Like several other transit agencies across the country, the Transit Authority of River City (TARC) will be adding hybrid-electric buses to its fleet. We will be purchasing nine hybrid-electric buses that will be in operation in mid-2003.
The addition of these buses has been and will continue to be a collaborative process involving several departments, including purchasing, safety, transportation, maintenance, marketing and planning, training, grants and capital projects and executive, as well as ATU Local 1447.
TARC is also working closely with Kenneth Cox and John Powell Jr. from the Electric Transit Vehicle Institute. Knowledge is power, especially when it comes to understanding how this new transportation technology can be integrated with existing maintenance systems and procedures. We believe that the more input you have from inside the agency and from outside sources, the better decisions you can make.
Playing the field
As we all know, any new technology comes with its share of problems and challenges, and I'm sure the hybrid-electric bus will be no different. At this time we are only in the specification stage of the acquisition and want to keep our options open.
E Bus and Advanced Vehicle Systems have brought their buses to our property in conjunction with a forum and demonstration on hybrid-electric technology and TARC's forthcoming acquisition. Both manufacturers use two battery packs for electric power and a turbine-powered generator for charging. Both vehicles have a top speed of 45 mph, which somewhat limits where they can be operated.
Both companies recommend battery conditioning, which involves completely discharging and recharging back to 100%. According to the manufacturers, this process should take approximately six hours; both recommend that it be done every 30 days. From a maintenance standpoint, this is a lengthy process. Both manufacturers had problems with igniters while their buses were here.
Parallel system impressive
I recently attended an American Public Transportation Association conference in Minneapolis and had the opportunity to see the Allison parallel hybrid bus, which operates by electric motors and in conjunction with a diesel engine.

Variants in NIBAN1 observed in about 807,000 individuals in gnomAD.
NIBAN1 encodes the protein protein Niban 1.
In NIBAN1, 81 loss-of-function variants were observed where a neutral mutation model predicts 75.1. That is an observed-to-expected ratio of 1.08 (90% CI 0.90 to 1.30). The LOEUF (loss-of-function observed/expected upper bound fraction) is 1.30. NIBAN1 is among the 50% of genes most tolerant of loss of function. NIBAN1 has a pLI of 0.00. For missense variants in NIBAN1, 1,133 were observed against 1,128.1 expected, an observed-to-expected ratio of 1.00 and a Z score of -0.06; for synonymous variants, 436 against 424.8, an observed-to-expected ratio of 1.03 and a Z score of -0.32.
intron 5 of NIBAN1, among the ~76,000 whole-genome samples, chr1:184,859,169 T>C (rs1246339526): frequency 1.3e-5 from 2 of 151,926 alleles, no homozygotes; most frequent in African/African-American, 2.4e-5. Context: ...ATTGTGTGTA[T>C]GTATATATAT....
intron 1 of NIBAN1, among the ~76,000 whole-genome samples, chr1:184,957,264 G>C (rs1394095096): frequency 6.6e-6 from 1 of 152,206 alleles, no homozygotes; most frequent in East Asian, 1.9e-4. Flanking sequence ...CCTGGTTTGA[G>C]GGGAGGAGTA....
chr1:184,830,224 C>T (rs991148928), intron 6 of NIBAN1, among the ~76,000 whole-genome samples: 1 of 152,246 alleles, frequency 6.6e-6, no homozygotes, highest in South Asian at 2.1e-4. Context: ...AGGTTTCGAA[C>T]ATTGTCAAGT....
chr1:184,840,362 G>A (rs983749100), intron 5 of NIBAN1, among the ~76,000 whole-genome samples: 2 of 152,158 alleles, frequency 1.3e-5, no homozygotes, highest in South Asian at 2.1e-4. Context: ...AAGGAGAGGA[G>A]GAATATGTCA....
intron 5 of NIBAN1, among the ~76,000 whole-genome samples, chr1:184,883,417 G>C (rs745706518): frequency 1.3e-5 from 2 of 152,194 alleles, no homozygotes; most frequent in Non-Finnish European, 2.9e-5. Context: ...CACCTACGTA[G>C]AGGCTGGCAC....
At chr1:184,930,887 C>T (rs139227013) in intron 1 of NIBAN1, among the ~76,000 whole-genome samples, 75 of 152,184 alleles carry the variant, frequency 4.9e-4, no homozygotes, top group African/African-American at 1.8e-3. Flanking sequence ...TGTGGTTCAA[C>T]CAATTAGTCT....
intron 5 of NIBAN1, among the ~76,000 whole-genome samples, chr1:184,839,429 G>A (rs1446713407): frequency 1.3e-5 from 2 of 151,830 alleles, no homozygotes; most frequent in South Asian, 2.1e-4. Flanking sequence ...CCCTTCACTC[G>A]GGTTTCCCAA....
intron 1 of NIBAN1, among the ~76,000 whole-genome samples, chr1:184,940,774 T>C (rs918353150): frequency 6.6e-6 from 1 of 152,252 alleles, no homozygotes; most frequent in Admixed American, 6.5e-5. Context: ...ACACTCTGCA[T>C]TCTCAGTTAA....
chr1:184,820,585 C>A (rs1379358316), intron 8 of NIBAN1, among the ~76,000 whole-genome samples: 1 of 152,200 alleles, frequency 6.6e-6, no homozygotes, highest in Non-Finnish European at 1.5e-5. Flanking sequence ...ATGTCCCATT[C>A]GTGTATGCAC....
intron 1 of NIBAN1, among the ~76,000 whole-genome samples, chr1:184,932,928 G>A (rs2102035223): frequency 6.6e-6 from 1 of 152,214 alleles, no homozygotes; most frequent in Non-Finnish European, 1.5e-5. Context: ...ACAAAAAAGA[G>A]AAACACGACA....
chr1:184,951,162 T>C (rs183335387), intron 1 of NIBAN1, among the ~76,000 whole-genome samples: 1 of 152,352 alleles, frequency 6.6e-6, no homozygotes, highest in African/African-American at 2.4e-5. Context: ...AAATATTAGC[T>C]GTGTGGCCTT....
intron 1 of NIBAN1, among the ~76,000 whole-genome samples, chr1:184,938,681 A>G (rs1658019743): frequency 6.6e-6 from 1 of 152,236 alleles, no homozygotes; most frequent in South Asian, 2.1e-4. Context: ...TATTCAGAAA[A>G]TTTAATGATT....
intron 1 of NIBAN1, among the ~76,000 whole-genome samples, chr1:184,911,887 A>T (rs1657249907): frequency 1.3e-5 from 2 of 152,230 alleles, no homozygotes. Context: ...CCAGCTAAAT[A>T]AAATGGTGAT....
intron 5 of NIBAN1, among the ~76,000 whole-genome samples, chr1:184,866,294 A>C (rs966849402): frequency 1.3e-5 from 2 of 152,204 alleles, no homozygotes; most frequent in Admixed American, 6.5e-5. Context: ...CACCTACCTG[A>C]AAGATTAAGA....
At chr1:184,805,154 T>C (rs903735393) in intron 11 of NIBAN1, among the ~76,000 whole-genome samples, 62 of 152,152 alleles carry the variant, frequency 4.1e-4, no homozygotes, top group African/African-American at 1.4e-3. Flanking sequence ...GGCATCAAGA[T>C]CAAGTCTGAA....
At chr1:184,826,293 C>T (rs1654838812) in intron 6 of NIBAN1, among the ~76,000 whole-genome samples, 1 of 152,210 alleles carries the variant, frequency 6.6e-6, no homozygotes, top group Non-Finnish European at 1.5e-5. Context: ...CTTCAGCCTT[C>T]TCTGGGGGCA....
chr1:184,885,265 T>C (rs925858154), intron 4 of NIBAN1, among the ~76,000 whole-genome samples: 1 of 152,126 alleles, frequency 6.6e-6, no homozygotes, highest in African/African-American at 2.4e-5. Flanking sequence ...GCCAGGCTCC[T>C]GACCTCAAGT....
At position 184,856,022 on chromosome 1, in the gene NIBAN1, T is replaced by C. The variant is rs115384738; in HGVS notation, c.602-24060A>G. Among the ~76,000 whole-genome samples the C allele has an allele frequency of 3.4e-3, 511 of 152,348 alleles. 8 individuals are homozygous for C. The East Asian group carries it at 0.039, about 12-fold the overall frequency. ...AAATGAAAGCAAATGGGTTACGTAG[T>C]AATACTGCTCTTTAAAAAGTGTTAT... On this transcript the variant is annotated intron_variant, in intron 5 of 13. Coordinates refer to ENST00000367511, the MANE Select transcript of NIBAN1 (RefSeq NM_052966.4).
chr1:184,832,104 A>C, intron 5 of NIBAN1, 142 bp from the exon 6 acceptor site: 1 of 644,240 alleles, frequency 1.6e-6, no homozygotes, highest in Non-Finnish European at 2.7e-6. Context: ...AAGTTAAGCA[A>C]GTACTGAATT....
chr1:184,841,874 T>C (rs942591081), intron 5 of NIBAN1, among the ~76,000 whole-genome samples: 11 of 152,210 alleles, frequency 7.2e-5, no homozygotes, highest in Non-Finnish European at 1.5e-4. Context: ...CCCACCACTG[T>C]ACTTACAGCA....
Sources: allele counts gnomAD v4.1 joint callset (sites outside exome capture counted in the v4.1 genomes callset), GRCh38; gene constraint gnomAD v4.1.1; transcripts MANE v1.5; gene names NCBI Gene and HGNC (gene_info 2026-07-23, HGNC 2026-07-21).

This was my first look at the Allison parallel system, and it is impressive. It uses a B model Cummins engine, the EV 40 drive-out of a B 500 transmission, a DPIM (dual power inverter module), batteries for energy storage and system controllers. It has a top speed of 70 mph and can be operated on city streets and the expressway. It also features full regenerative braking recovery from 50 mph, which means all energy created from braking is stored in the batteries for later use.
From maintenance and training standpoints, I feel we need to look at the Allison parallel hybrid bus system. We currently have Cummins engines and B 400 R Allison transmissions, and our maintenance team is familiar with them. But as I said before, we want to keep our options open and look at everything that is available.
According to our projected timetable, we expect to make a decision on the type of hybrid-electric bus we will be purchasing in September, after which we will develop a maintenance program tailored to the specifications of the new vehicle. We will take delivery of the vehicle in April 2003 and begin operation Memorial Day 2003.
As always, if you have any questions for me, e-mail them to email@example.com.